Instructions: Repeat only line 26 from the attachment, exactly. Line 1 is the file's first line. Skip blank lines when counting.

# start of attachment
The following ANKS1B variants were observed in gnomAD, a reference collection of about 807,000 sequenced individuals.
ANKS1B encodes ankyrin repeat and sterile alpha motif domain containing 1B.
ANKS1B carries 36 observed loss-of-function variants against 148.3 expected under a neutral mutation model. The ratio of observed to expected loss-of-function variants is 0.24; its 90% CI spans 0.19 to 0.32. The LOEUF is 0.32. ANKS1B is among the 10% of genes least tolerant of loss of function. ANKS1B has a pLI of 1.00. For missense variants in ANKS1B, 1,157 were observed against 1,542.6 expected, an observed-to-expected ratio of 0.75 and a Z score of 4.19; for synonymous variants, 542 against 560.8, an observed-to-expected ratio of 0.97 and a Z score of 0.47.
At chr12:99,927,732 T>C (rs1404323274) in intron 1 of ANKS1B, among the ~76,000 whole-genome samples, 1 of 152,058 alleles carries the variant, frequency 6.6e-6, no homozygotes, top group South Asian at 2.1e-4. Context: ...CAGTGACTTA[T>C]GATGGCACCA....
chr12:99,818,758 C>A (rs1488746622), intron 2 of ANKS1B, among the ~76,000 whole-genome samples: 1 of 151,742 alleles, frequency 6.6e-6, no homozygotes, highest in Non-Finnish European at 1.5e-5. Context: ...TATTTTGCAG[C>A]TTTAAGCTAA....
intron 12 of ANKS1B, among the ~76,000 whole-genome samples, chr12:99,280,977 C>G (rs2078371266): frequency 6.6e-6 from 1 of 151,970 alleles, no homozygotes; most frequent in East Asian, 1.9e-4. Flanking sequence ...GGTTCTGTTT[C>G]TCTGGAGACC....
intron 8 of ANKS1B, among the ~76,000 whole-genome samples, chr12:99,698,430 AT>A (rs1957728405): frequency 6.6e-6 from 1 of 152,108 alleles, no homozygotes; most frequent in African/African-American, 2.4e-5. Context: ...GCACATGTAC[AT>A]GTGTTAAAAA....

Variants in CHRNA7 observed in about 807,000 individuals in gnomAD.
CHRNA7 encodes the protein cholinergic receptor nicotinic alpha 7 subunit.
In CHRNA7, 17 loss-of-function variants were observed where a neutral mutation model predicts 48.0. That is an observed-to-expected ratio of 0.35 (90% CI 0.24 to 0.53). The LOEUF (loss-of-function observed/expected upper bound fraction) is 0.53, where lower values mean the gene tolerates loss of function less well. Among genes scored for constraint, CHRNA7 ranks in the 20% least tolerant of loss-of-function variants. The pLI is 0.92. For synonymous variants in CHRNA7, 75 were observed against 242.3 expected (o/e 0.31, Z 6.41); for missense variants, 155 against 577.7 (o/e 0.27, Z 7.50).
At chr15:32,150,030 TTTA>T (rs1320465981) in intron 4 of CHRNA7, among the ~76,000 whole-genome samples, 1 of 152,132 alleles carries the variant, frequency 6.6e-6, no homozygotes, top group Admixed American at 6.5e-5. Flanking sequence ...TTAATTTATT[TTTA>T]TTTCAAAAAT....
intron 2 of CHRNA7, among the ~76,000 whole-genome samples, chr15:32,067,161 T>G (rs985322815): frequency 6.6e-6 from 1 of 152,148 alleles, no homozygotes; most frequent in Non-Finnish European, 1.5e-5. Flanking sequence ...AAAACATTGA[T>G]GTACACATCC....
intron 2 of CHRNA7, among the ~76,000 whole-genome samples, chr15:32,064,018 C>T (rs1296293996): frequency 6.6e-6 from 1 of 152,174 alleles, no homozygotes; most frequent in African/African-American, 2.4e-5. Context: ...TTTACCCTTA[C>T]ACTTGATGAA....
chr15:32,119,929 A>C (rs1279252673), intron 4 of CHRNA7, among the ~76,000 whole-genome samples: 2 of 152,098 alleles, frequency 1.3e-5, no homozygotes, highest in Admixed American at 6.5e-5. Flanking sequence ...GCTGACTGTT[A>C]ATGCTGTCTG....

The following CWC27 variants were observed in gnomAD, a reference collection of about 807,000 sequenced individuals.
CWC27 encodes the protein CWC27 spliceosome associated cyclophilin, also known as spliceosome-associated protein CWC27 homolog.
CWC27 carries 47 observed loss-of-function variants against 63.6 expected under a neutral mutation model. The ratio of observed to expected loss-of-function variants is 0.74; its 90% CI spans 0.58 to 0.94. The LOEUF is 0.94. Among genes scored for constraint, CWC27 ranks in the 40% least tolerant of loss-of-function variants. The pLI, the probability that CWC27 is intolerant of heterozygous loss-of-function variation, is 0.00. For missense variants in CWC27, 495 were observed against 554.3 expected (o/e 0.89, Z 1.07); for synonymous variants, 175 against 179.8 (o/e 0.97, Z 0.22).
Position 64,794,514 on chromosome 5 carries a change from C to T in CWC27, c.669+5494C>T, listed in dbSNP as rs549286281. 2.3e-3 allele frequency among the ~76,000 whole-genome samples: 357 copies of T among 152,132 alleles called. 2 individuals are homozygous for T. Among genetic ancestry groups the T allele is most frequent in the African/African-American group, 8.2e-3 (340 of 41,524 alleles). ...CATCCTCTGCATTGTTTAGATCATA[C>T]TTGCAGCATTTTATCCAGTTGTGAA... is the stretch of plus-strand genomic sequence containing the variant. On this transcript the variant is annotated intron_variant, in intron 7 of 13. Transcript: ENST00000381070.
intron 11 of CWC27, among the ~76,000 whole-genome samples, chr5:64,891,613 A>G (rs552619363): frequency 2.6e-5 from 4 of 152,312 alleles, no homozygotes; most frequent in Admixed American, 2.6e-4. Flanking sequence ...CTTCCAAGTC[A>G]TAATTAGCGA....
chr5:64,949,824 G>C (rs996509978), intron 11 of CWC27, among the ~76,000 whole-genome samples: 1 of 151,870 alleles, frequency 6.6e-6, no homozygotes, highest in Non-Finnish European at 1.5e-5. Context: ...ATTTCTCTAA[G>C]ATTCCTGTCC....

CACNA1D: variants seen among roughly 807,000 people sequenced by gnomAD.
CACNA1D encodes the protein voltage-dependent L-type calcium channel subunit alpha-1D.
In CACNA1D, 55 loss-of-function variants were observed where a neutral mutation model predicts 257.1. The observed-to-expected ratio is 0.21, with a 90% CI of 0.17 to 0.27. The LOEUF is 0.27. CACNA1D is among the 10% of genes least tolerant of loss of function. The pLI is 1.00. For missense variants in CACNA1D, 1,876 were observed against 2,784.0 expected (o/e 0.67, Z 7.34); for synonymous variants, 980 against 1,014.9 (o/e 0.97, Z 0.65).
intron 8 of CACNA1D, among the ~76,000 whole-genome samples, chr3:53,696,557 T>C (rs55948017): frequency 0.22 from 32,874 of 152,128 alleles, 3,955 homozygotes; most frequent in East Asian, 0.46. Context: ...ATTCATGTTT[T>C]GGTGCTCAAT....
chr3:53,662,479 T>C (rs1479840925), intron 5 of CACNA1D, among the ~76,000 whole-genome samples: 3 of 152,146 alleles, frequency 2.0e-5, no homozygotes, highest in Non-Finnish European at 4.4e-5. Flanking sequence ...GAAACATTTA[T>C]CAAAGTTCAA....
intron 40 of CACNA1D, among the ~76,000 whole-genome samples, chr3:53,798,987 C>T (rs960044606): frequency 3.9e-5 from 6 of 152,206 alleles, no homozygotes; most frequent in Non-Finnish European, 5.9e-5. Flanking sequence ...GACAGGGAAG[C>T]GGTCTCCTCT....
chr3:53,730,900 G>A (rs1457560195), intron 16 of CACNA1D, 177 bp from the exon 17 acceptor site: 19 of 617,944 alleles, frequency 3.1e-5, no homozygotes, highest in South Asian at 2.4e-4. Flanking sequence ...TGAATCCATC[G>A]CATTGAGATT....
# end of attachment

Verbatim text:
intron 40 of CACNA1D, among the ~76,000 whole-genome samples, chr3:53,798,987 C>T (rs960044606): frequency 3.9e-5 from 6 of 152,206 alleles, no homozygotes; most frequent in Non-Finnish European, 5.9e-5. Flanking sequence ...GACAGGGAAG[C>T]GGTCTCCTCT....